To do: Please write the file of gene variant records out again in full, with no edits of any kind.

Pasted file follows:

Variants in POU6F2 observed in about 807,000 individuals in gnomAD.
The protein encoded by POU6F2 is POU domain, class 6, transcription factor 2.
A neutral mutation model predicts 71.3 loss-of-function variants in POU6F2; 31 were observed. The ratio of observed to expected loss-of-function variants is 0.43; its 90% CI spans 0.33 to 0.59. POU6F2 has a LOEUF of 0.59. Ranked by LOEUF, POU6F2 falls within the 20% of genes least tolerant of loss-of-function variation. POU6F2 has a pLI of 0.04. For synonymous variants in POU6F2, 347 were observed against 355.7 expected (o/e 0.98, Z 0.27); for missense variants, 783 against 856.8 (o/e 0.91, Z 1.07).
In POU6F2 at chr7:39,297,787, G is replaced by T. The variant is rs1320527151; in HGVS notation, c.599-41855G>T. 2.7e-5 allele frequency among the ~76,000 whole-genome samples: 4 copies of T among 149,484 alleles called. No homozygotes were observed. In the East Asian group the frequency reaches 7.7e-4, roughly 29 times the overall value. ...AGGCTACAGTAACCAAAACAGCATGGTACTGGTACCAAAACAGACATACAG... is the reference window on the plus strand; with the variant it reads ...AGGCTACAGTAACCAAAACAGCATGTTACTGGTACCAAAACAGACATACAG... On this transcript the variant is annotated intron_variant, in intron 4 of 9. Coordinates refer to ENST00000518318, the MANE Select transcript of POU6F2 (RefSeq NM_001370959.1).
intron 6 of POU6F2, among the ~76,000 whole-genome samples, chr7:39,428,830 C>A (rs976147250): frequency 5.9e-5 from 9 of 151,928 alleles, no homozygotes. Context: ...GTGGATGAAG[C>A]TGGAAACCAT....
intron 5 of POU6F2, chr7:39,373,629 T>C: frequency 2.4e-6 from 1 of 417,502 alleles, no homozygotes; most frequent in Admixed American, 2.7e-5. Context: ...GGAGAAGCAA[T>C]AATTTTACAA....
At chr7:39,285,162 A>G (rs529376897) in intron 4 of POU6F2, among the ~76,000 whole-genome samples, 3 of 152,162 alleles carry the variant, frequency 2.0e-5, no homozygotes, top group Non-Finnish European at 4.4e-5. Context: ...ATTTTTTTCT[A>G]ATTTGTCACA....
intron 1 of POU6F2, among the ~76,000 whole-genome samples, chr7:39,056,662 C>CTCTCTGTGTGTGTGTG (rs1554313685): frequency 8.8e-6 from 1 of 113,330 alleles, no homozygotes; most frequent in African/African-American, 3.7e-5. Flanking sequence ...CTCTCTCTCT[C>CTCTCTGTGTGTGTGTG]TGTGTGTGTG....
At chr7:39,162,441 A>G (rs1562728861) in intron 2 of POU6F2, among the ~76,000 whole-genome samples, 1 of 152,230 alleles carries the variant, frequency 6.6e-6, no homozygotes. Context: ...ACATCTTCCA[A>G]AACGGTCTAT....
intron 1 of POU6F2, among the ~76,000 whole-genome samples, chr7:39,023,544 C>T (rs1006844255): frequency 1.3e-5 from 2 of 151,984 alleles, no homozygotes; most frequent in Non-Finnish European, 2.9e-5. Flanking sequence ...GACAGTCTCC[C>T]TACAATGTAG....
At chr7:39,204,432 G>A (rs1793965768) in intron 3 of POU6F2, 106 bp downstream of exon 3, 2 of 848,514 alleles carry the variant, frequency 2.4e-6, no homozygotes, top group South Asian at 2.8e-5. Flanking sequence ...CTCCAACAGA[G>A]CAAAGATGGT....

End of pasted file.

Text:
Variants in POU6F2 observed in about 807,000 individuals in gnomAD.
The protein encoded by POU6F2 is POU domain, class 6, transcription factor 2.
A neutral mutation model predicts 71.3 loss-of-function variants in POU6F2; 31 were observed. The ratio of observed to expected loss-of-function variants is 0.43; its 90% CI spans 0.33 to 0.59. POU6F2 has a LOEUF of 0.59. Ranked by LOEUF, POU6F2 falls within the 20% of genes least tolerant of loss-of-function variation. POU6F2 has a pLI of 0.04. For synonymous variants in POU6F2, 347 were observed against 355.7 expected (o/e 0.98, Z 0.27); for missense variants, 783 against 856.8 (o/e 0.91, Z 1.07).
In POU6F2 at chr7:39,297,787, G is replaced by T. The variant is rs1320527151; in HGVS notation, c.599-41855G>T. 2.7e-5 allele frequency among the ~76,000 whole-genome samples: 4 copies of T among 149,484 alleles called. No homozygotes were observed. In the East Asian group the frequency reaches 7.7e-4, roughly 29 times the overall value. ...AGGCTACAGTAACCAAAACAGCATGGTACTGGTACCAAAACAGACATACAG... is the reference window on the plus strand; with the variant it reads ...AGGCTACAGTAACCAAAACAGCATGTTACTGGTACCAAAACAGACATACAG... On this transcript the variant is annotated intron_variant, in intron 4 of 9. Coordinates refer to ENST00000518318, the MANE Select transcript of POU6F2 (RefSeq NM_001370959.1).
intron 6 of POU6F2, among the ~76,000 whole-genome samples, chr7:39,428,830 C>A (rs976147250): frequency 5.9e-5 from 9 of 151,928 alleles, no homozygotes. Context: ...GTGGATGAAG[C>A]TGGAAACCAT....
intron 5 of POU6F2, chr7:39,373,629 T>C: frequency 2.4e-6 from 1 of 417,502 alleles, no homozygotes; most frequent in Admixed American, 2.7e-5. Context: ...GGAGAAGCAA[T>C]AATTTTACAA....
At chr7:39,285,162 A>G (rs529376897) in intron 4 of POU6F2, among the ~76,000 whole-genome samples, 3 of 152,162 alleles carry the variant, frequency 2.0e-5, no homozygotes, top group Non-Finnish European at 4.4e-5. Context: ...ATTTTTTTCT[A>G]ATTTGTCACA....
intron 1 of POU6F2, among the ~76,000 whole-genome samples, chr7:39,056,662 C>CTCTCTGTGTGTGTGTG (rs1554313685): frequency 8.8e-6 from 1 of 113,330 alleles, no homozygotes; most frequent in African/African-American, 3.7e-5. Flanking sequence ...CTCTCTCTCT[C>CTCTCTGTGTGTGTGTG]TGTGTGTGTG....
At chr7:39,162,441 A>G (rs1562728861) in intron 2 of POU6F2, among the ~76,000 whole-genome samples, 1 of 152,230 alleles carries the variant, frequency 6.6e-6, no homozygotes. Context: ...ACATCTTCCA[A>G]AACGGTCTAT....
intron 1 of POU6F2, among the ~76,000 whole-genome samples, chr7:39,023,544 C>T (rs1006844255): frequency 1.3e-5 from 2 of 151,984 alleles, no homozygotes; most frequent in Non-Finnish European, 2.9e-5. Flanking sequence ...GACAGTCTCC[C>T]TACAATGTAG....
At chr7:39,204,432 G>A (rs1793965768) in intron 3 of POU6F2, 106 bp downstream of exon 3, 2 of 848,514 alleles carry the variant, frequency 2.4e-6, no homozygotes, top group South Asian at 2.8e-5. Flanking sequence ...CTCCAACAGA[G>A]CAAAGATGGT....